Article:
Monday, December 22, 2014

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Brownsville Teens Hope Stop-And-Frisk Changes Lead to Better Police-Community Relations

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TWC News: Brownsville Teens Hope Stop-And-Frisk Changes Lead to Better Police-Community Relations
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People in Brownsville say they hope news of the changes to stop-and-frisk get down to the officers on the street. NY1's Dean Meminger filed the following report.

Teenagers hit the basketball court at the Brownsville Recreation Center Thursday just minutes after Mayor Bill de Blasio announced that the stop-and-frisk appeal would be dropped. They said that the the way the tactic was used made them afraid of criminals AND cops.

"It feels uncomfortable," said one teen. "I got to watch my back from people also in the hood, or now, it's cops. It's like, you got to always watch your back."

As the New York City Police Department moves forward with looking at ways to implement changes suggested by a federal judge, Police Commissioner Bill Bratton said he has been reminding the rank-and-file at weekly meetings to be courteous, professional and respectful.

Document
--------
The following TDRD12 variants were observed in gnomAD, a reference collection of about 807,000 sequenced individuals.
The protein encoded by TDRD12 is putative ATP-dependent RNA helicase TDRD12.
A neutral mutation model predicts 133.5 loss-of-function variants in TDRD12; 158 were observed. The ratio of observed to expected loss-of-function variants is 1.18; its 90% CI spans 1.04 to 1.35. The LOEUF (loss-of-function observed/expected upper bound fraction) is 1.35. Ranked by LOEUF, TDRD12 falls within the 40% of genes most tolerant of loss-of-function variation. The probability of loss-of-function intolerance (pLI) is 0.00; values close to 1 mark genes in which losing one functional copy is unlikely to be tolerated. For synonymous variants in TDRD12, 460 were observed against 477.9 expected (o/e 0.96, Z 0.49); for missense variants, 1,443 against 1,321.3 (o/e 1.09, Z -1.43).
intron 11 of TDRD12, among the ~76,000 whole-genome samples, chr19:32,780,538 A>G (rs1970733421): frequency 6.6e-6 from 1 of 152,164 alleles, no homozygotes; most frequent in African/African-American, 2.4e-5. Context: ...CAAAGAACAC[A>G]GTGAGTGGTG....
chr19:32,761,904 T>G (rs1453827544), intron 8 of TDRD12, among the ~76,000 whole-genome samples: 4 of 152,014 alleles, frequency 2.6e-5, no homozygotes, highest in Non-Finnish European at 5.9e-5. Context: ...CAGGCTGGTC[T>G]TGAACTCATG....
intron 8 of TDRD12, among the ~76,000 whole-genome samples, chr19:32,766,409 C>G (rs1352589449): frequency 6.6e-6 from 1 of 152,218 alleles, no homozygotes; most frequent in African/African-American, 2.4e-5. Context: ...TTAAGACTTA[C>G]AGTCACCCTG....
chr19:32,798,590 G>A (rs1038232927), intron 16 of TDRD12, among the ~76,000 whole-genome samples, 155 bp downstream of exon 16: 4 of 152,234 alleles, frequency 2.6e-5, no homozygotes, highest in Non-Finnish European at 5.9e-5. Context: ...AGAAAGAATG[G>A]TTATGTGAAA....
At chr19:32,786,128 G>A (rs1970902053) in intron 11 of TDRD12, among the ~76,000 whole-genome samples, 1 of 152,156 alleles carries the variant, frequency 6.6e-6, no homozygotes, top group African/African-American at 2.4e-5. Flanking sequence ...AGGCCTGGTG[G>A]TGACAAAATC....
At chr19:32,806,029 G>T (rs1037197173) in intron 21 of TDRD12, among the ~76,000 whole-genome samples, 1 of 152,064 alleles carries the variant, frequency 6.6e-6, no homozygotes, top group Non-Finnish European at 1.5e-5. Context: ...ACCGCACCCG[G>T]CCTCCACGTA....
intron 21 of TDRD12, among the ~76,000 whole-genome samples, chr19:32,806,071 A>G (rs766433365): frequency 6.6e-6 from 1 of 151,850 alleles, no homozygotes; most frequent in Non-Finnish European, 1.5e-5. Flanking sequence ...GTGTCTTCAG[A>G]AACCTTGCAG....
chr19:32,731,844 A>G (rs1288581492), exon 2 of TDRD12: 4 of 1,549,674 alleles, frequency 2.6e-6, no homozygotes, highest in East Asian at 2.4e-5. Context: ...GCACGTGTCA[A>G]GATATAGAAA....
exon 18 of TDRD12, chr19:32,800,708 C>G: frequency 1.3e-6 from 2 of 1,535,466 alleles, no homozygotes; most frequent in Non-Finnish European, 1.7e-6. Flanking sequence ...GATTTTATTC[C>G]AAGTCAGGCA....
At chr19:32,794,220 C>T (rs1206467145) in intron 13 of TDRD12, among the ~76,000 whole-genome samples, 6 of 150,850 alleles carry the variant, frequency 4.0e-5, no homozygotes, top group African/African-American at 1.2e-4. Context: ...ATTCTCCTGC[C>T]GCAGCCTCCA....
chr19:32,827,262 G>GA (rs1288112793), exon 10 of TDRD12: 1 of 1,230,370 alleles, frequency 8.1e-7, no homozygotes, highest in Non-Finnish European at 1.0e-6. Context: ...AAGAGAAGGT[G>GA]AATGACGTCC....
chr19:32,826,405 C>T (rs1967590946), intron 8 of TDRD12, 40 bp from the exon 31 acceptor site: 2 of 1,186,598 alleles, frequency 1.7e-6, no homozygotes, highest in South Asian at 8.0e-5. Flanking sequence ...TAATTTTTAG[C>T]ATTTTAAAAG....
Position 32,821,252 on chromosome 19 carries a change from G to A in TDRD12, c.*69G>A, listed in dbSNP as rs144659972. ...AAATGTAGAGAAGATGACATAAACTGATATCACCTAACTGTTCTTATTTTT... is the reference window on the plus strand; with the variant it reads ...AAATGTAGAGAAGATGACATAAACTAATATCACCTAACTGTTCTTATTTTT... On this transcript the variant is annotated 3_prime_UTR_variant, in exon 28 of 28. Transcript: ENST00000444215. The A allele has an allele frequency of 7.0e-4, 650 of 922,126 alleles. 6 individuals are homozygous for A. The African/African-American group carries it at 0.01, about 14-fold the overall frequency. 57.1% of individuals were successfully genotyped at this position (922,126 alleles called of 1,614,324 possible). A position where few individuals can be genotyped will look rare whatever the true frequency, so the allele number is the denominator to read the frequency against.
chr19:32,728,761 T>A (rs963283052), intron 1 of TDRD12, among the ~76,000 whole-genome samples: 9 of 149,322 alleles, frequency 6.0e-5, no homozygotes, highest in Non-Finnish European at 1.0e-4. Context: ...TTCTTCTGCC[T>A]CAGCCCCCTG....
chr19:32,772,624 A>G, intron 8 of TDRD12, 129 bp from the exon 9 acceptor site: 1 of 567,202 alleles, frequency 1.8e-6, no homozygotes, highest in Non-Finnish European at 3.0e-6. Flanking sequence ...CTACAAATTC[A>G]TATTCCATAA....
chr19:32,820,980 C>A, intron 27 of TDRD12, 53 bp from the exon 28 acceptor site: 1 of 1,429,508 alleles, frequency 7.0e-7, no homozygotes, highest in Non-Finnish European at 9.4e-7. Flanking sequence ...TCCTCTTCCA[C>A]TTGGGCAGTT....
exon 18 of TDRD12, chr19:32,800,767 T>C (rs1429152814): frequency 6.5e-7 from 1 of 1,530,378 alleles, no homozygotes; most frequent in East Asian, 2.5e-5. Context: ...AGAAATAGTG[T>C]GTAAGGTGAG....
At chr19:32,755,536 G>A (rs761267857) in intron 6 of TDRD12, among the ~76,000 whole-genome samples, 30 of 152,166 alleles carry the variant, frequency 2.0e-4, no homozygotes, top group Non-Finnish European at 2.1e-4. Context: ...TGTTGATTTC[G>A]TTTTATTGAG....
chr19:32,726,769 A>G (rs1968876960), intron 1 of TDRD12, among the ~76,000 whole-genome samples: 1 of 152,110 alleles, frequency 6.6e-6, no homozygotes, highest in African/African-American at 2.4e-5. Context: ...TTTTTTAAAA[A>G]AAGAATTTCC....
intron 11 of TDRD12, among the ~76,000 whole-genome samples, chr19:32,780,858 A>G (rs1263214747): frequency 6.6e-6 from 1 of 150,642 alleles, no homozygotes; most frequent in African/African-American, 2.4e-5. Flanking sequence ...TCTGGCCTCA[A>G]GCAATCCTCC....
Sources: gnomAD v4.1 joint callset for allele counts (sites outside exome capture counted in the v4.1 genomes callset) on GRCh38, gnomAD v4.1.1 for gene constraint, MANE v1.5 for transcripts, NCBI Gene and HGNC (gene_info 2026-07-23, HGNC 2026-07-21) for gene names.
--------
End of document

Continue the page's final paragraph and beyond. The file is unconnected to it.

"At CompStat, re-enforcing that as they go about their business that we want them to be policing lawfully, not break the law to enforce it," Bratton said.

Police unions have been lobbying against the dropping of the stop-and-frisk appeal. In a statement, the PBA said it will stay involved.

"Our mission is now and has always been to protect the rights and safety of our members while they work to protect our communities," the statement reads. "We continue to have serious concerns about how these remedies will impact our members and the ability to do their jobs."

Brooklyn Borough President Eric Adams, who is a former NYPD captain, said that the unions shouldn't worry because the change is good for everyone.

"And crime would not be impacted by this in a significant fashion up or down," Adams said. "We have turned the community back into a policing where the community is being appreciated."

Many of the young men in the gym said they understand that stop-and-frisk can't be ended completely, but they said that they agree with the mayor and police commissioner that it shouldn't be overused.

"It's not a bad thing," said one teen. "It just helps out because if you have it, they can confiscate it, try to help out the community."

He's talking about getting weapons off the streets. A local officer encouraged the teens to come to the precinct if they have any problems, perhaps another sign of bringing community and police closer together.

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